Cultivating change in Boven Digoel, Papua

Ogenetan village, Papua, Indonesia – The scent of the Celebes pepper plant hits you before you even reach Ogenetan in the heart of Papua’s Boven Digoel district. Called sereh merah, the plant is used by communities across Papua to drive away evil spirits.

Today, locals also use the peppers in the making of pesticides to protect their crops. Riswanto, a local economic development field assistant with the United Nations Development Programme (UNDP) project that trained residents in the process, said that people in Ogenetan had been surprised to learn sereh merah had other uses.  


  • Locals in Boven Digoel in Papua province are being trained to produce and use organic fertilizer to boost their agriculture production
  • The trainings are part of UNDP’s People-Centered Development Program, which aims to increase local economic opportunities and improve incomes
  • New cultivation techniques have increased crop yields and incomes
  • Boven Digoel residents are no longer reliant on rubber yields and middlemen

“People here are superstitious. Sereh merah and sereh wangi [lemongrass] before were used only to ward off the devil or evil spirits. Now, people know how to mix these ingredients with tobacco to make organic pesticides,” Riswanto said.

He said before the project started in Boven Digoel in April 2014, locals did not cultivate crops because the soil in the area was of poor quality. The project provided people with training in cultivation techniques and the making of organic pesticides and fertilizers.

Part of UNDP’s People-Centered Development Program (PCDP), the project was funded by New Zealand Aid (NZAID) and jointly implemented by UNDP and the National Development Planning Agency (BAPPENAS). The PCDP aims to improve economic opportunities, and is working in partnership with local civil society organisations (CSOs) across several regencies in Papua.

The homemade fertilizers have improved soil quality in the area, and villagers are now able to grow chili peppers, eggplant, mustard greens, kale, and tomatoes. By December 2014, approximately 30 households in Ogenetan each earned between IDR 200,000 (US$15) and IDR 800,000 (US$60) a month from the sale of their crops.  

Beatta Enanok, 52, said the training she was given taught her new planting techniques, as well as the proper way to use the fertilizer she is now making on her own. She added that when she was younger she would spread seeds on top of soil and just “hope that fruits of good quality would grow.”

Today, Beatta and her husband, Januaris Rombut, manage a plot of land measuring 50 meters by 40 meters. With the help of fertilizers and pesticides to kill maggots and beetles, she earns up to IDR 600,000 (US$45) a month selling her homegrown items like spinach and papaya.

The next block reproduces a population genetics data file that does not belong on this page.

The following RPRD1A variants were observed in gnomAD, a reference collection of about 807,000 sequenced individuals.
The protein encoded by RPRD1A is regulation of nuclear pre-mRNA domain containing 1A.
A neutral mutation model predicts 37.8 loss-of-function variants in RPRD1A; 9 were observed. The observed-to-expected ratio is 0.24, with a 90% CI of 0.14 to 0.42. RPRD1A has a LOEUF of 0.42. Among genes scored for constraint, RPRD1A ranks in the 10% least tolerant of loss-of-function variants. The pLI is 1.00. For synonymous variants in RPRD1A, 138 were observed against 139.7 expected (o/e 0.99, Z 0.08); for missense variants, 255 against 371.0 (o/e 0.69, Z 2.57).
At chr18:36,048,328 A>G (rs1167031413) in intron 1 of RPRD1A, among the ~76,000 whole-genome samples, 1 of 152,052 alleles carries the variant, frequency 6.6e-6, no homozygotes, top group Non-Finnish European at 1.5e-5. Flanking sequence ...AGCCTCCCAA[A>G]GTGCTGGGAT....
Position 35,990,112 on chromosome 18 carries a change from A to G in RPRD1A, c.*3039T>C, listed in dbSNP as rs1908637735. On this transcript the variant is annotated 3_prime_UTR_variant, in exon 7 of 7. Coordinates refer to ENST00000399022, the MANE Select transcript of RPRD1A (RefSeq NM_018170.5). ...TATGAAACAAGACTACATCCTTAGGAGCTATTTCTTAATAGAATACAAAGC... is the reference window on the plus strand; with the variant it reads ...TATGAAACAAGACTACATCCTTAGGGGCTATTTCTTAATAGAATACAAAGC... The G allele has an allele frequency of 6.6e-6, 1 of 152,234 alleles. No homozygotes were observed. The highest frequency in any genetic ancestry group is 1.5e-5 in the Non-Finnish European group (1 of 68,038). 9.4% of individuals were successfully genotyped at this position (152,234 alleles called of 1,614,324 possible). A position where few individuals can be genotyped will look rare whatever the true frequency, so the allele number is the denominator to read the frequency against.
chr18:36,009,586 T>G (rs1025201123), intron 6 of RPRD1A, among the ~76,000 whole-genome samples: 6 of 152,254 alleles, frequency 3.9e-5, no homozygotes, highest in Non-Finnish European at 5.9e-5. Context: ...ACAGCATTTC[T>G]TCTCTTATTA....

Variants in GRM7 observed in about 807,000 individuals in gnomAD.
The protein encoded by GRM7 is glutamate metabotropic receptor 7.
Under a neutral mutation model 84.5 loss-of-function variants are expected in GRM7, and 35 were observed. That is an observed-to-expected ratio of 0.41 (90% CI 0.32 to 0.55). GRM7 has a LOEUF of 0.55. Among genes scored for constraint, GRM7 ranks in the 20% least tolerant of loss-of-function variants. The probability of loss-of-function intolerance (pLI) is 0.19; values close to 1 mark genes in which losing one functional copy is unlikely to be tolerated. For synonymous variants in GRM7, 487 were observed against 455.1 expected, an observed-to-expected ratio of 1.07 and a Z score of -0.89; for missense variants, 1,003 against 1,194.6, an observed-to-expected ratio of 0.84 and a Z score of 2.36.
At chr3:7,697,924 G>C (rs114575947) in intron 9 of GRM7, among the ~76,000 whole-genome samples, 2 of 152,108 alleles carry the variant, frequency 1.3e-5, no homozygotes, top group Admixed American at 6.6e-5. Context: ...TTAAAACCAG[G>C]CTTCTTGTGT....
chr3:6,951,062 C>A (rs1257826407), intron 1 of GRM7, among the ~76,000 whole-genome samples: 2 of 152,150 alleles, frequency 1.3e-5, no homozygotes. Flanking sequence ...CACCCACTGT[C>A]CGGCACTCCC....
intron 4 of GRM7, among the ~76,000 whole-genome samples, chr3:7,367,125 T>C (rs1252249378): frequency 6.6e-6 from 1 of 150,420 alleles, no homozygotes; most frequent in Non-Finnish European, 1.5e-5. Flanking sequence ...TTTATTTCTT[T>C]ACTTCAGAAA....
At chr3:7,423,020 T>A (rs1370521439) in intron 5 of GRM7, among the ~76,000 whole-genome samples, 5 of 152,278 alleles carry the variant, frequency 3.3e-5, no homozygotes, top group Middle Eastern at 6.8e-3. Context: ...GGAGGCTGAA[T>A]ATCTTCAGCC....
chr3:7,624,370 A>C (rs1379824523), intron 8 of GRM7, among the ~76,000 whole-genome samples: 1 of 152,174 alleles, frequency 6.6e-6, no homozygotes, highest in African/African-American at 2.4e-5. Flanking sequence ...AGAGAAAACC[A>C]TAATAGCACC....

Infrastructure and transportation is a major problem in Papua, particularly in the far-flung district of Boven Digoel. It takes nine hours on bad roads to reach the regency from Merauke, and from Boven Digoel’s capital, Tanah Merah, it takes at least two hours to reach Ogenetan.

Ogenatan is very isolated, and because of the lack of affordable transportation, those living there travel to the nearest district, Mindiptana, on foot. It can take six hours.

Iniyandit sub-district chief Yan Karowa said Ogenetan was known for its rubber trees. However, villagers never made much money from the trees because of Ogenetan’s inaccessibility, which continues to this day.

“The economic turnaround is very slow. People in Ogenetan depended on middlemen who would buy their rubber at horrible prices or they would rely on a barter system – rubber for daily necessities like soap, food, vegetables and so on,” Yan said.

He added, “Our own people could not get out of the village to make ends meet and satisfy their daily needs. The middlemen would get groceries and other daily necessities for the people of Ogenetan in exchange for rubber. They ended up owing a lot to middlemen.”

“They were at a loss and nobody could help them because we are so isolated. Then UNDP entered.” The project helped people redirect their focus to horticulture.


More work

Things changed in the area. Yan said women no longer worked alone. Men were now helping them.

“Money, we know, is not everything. Their mindsets about farming and crops have changed – and this is a win. So, it is not just raising the dignity of the women of Boven Digoel, but getting the same kind of acknowledgement for the women from their own husbands.”

“Some households are making IDR 1.5 million [US$112] a month. This is something for people here. For the people of Boven Digoel, even using a hoe is something new,” he said.  

Innosensia Onat, 33, and her husband, Xaverius Kewe, 45, echoed the views of District Chief Yan. She said that she had always liked planting crops but could never get them to survive due to pests.

“After the training I received from UNDP, I began to plant long beans, morning glory and turnips regularly. Every time I sell now, I get at least IDR 200,000 every two or three days. I can get soap, shampoo, detergent for washing clothes, and salt for food. Everyday needs,” she said. “This helps my husband and my three children very much. I cannot only make ends meet. I can do more than that now.”

UNDP Around the world

You are at UNDP Indonesia 
Go to UNDP Global